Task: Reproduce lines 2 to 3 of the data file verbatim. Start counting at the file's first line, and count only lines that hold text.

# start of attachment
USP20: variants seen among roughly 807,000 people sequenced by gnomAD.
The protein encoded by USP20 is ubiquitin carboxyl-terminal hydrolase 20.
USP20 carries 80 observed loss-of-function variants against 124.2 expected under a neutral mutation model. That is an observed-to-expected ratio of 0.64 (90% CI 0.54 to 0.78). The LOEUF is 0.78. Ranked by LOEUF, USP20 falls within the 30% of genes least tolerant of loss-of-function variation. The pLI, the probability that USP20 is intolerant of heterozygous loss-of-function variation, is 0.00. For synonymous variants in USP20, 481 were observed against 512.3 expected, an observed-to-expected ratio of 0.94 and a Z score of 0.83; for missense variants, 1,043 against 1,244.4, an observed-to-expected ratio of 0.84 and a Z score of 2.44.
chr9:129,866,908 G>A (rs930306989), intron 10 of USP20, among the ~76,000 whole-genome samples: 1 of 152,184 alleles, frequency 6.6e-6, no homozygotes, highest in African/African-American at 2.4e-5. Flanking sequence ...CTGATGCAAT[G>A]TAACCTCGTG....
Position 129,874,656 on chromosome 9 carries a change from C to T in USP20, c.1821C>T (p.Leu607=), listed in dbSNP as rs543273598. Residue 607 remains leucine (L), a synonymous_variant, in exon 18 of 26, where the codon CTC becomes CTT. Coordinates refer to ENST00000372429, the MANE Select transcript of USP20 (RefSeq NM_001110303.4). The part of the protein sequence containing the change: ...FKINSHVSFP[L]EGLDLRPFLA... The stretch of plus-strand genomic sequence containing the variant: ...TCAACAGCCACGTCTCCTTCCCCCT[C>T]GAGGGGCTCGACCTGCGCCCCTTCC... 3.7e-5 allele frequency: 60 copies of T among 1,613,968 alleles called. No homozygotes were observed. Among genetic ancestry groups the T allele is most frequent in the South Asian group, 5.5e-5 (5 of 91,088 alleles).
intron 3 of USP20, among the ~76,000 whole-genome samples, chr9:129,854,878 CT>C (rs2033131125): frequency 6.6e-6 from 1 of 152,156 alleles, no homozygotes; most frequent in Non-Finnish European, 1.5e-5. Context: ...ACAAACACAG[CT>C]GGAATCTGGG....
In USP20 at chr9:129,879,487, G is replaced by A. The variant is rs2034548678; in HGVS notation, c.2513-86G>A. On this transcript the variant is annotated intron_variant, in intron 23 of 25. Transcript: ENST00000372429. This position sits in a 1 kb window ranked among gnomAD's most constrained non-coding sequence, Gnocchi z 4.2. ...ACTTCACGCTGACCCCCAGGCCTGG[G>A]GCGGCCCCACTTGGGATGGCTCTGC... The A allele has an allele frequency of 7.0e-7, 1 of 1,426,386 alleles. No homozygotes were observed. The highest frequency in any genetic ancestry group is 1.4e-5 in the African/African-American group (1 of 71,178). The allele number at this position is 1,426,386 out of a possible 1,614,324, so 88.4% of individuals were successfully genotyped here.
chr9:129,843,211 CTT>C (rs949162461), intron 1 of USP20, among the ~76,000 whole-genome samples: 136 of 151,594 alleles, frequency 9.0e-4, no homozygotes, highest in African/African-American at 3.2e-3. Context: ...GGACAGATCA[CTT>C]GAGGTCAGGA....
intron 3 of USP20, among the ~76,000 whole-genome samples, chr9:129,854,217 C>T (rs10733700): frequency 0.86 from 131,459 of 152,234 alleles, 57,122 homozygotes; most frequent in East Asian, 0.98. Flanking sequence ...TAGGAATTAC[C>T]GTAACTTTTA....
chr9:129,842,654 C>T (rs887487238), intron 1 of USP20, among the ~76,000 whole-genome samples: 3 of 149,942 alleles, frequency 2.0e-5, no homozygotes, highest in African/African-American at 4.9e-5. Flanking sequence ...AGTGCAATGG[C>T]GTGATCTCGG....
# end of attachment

The protein encoded by USP20 is ubiquitin carboxyl-terminal hydrolase 20.
USP20 carries 80 observed loss-of-function variants against 124.2 expected under a neutral mutation model. That is an observed-to-expected ratio of 0.64 (90% CI 0.54 to 0.78). The LOEUF is 0.78. Ranked by LOEUF, USP20 falls within the 30% of genes least tolerant of loss-of-function variation. The pLI, the probability that USP20 is intolerant of heterozygous loss-of-function variation, is 0.00. For synonymous variants in USP20, 481 were observed against 512.3 expected, an observed-to-expected ratio of 0.94 and a Z score of 0.83; for missense variants, 1,043 against 1,244.4, an observed-to-expected ratio of 0.84 and a Z score of 2.44.